The sirens were getting closer. The kid limped behind Paul’s van parked next to the studio. There was a plea for help in his eyes as he melted into the shadows.
A patrol car slowed to a halt in front of Paul. The cop stuck his head out and asked if he’d seen anyone tagging the billboard. Paul said he hadn’t seen anyone on the billboard, which was true. This satisfied the cop and, after wishing Paul a pleasant evening, he drove off.
You are, for you, lucky this time. In one of the few jobs you managed not to get fired from in the first week, you learned to cook a little when you weren’t waiting tables. You look at the groceries, you look in cupboards. You find very little in the cupboards, but you do find salt and pepper. You fry half the bacon in the frying pan while you cut up the mushrooms, onion and a quarter of the kielbasa. Thad comes in and eats half the bacon off the paper towels you were blotting the grease off on while you’re sautéing the vegetables and kielbasa in the bacon grease. You say nothing, but you eat some bacon yourself when he leaves. You scoop the meat and vegetables out of the grease and onto paper towels to drain. You get a sauce pan really hot and dump six eggs and butter into it and, while broiling some bread, scramble the eggs very quickly. You put a piece of toast on a plate, pile the vegetables, kielbasa and bacon on them, and then pile the eggs on top of that. You arrange squares of toast around this to keep it from spilling out the sides. You grab a knife and fork and bring it to him on the couch. He sends you back into the kitchen for salt and pepper, which he doesn’t use because you actually seasoned it well enough while cooking it. You go back into the kitchen and clean up.
Thad wolfs down half of it before he notices you slouching in the kitchen doorway, looking at your feet. “You hungry?” he asks, or demands, depending on your point of view.
Continue reading “Six Smutty Stories: You Know You Should be a Better Person (But You’re Not) 3/3”
He parks in front of a grim apartment building with dead grass and broken toys in front of it. He uncuffs you and drags you across the driver’s seat to get out of the car, which he does not lock because everyone knows this is Thad G’s car and dying for fucking with it would be painful, pointless and humiliating. Anyone with any brains would steal a newer car from someone less lethal than Thad G.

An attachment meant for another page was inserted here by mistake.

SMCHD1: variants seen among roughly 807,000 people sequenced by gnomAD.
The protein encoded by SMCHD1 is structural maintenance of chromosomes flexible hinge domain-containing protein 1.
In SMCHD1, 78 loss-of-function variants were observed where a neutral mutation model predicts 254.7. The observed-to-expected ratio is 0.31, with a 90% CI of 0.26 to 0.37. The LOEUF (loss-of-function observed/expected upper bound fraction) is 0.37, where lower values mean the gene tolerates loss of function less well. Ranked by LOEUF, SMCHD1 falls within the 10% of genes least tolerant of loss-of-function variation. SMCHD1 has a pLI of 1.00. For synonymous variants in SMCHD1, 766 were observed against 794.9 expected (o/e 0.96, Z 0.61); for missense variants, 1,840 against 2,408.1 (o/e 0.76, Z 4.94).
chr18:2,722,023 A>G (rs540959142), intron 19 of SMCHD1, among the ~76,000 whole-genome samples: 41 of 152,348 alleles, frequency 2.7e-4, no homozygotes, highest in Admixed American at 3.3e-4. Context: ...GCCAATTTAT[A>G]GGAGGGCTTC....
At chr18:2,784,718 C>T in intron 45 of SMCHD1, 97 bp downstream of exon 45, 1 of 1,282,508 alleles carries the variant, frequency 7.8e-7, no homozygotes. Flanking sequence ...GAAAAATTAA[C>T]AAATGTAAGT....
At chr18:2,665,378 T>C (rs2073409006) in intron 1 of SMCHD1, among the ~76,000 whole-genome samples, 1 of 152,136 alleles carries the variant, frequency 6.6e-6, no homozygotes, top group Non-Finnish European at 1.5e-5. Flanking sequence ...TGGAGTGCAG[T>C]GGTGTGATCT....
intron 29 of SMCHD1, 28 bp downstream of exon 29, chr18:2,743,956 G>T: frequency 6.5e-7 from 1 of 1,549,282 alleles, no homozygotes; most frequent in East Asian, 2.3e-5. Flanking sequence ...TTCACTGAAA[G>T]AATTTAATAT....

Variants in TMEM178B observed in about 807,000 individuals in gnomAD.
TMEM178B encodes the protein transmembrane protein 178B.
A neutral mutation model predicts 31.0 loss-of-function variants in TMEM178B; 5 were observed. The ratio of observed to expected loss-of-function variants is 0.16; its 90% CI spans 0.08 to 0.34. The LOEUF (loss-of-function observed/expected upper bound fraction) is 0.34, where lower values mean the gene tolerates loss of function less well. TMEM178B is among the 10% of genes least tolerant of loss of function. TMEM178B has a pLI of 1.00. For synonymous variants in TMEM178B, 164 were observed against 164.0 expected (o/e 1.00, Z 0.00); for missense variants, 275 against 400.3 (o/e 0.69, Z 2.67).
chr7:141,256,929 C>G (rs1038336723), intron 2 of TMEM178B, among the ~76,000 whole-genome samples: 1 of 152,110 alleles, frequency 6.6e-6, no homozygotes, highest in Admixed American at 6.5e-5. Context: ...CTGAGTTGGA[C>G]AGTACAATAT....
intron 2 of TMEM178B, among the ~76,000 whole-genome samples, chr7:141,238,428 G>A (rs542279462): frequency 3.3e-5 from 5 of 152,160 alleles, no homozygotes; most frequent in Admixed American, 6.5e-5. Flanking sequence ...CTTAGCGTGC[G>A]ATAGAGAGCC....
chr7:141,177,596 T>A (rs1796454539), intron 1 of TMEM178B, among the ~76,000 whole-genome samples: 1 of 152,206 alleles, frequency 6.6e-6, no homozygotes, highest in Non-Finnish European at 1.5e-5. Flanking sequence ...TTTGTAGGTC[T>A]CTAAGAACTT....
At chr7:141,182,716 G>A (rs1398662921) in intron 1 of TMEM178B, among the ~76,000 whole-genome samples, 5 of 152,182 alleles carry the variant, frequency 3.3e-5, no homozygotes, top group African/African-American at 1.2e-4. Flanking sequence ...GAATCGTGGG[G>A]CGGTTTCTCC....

Going into the building, you notice what you think is his name on the buzzer panel: Thaddeus Gorski. Even this name that might be his name intimidates you, but you’re not sure why. You are shoved up three flights of broken, filthy stairs to his apartment. It has the most boring furniture you have ever seen and looks like no one lives there.
“Find shit to clean this place with,” he says, throwing himself on the couch where he can see you rummaging under the sink and in the bathroom until you find a broom, rags and Comet powder.
You get to work. You’re glad he doesn’t have a dog. You hate cleaning up after dogs. You wash a lot of dishes without breaking any and have to really scrub the stove, twice. The bathroom is something you hope you can forget very soon. After you sweep the floors, you dilute some vinegar in hot water to wash them with because there isn’t any ammonia or bleach in the place. There’s a laundry basket full of bunched-up sheets and towels in the bedroom. Thad tells you to make the bed, which only has some naked pillows and tangled blankets up on it. You find lube and used condoms in the bed. You also find one very high heeled shoe there. You never find the other one. But you’re good at making beds, hospital corners and all, so it looks nice when you’re done.
Continue reading “Six Smutty Stories: You Know You Should be a Better Person (But You’re Not) 2/3”